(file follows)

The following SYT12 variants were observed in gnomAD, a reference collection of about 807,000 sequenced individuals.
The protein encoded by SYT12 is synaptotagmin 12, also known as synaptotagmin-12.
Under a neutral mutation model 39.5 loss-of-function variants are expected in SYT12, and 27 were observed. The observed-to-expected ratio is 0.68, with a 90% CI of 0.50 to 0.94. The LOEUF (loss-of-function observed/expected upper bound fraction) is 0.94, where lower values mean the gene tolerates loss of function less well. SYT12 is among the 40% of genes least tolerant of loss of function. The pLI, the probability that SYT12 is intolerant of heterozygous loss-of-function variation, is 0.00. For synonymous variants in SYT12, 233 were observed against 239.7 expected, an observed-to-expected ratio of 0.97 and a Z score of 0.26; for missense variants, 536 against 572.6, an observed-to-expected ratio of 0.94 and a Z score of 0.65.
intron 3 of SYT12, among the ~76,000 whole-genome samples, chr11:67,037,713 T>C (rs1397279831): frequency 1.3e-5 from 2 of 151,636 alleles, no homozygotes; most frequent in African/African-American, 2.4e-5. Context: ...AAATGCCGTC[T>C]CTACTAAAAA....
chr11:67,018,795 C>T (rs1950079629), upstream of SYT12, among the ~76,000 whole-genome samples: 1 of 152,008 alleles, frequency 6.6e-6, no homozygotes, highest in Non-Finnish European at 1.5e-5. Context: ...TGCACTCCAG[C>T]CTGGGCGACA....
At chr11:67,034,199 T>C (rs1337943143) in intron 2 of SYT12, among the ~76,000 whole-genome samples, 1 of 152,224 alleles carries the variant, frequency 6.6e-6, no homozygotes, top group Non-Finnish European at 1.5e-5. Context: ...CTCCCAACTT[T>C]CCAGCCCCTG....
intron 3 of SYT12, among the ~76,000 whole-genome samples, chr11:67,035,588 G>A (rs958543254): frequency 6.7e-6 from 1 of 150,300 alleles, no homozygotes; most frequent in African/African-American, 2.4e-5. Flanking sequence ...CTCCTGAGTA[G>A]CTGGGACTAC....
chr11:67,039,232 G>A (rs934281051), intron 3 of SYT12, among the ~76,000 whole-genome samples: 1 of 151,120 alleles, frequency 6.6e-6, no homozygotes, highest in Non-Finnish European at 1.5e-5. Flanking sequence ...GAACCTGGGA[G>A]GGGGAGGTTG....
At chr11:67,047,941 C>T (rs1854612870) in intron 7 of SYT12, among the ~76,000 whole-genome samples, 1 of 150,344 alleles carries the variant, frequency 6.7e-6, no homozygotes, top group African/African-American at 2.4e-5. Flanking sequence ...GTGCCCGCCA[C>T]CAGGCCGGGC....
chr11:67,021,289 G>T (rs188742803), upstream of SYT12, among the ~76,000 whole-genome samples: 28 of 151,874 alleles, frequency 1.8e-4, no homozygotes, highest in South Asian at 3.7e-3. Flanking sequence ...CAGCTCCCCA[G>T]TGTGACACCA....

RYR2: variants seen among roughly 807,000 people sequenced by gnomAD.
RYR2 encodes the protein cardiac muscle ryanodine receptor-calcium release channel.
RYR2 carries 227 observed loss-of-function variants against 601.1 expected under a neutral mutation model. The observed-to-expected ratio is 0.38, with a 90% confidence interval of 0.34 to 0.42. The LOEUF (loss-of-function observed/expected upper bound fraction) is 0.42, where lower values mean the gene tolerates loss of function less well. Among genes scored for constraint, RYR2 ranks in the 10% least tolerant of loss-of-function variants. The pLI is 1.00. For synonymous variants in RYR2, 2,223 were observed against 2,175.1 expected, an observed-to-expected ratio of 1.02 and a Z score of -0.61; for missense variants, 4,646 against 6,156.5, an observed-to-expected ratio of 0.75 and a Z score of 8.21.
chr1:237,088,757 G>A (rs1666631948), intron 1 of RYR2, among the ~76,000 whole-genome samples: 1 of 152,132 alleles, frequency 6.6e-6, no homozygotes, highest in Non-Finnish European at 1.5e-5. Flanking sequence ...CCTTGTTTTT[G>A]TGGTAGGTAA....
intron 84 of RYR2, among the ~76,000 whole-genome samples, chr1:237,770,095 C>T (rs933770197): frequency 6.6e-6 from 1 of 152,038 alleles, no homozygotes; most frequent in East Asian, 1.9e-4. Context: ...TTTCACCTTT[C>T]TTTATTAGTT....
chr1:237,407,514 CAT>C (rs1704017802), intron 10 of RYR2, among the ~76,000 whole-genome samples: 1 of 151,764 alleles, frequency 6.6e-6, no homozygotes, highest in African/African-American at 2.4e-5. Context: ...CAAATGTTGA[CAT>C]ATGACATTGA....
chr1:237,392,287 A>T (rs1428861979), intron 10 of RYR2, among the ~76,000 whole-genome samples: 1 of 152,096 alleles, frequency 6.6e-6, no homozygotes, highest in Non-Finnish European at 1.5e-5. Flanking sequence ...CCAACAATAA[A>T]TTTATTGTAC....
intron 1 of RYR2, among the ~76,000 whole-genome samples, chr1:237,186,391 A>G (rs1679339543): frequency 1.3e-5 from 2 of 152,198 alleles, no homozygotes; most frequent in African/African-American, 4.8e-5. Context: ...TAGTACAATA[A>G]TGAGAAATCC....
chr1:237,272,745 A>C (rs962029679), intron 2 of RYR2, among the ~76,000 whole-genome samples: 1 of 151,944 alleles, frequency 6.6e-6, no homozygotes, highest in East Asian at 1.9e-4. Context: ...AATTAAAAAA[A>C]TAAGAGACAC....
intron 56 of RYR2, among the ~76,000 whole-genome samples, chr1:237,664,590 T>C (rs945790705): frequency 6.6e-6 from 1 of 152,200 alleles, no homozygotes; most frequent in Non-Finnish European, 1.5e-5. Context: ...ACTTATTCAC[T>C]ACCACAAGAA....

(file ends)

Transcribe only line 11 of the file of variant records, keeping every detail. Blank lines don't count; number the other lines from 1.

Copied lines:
RYR2: variants seen among roughly 807,000 people sequenced by gnomAD.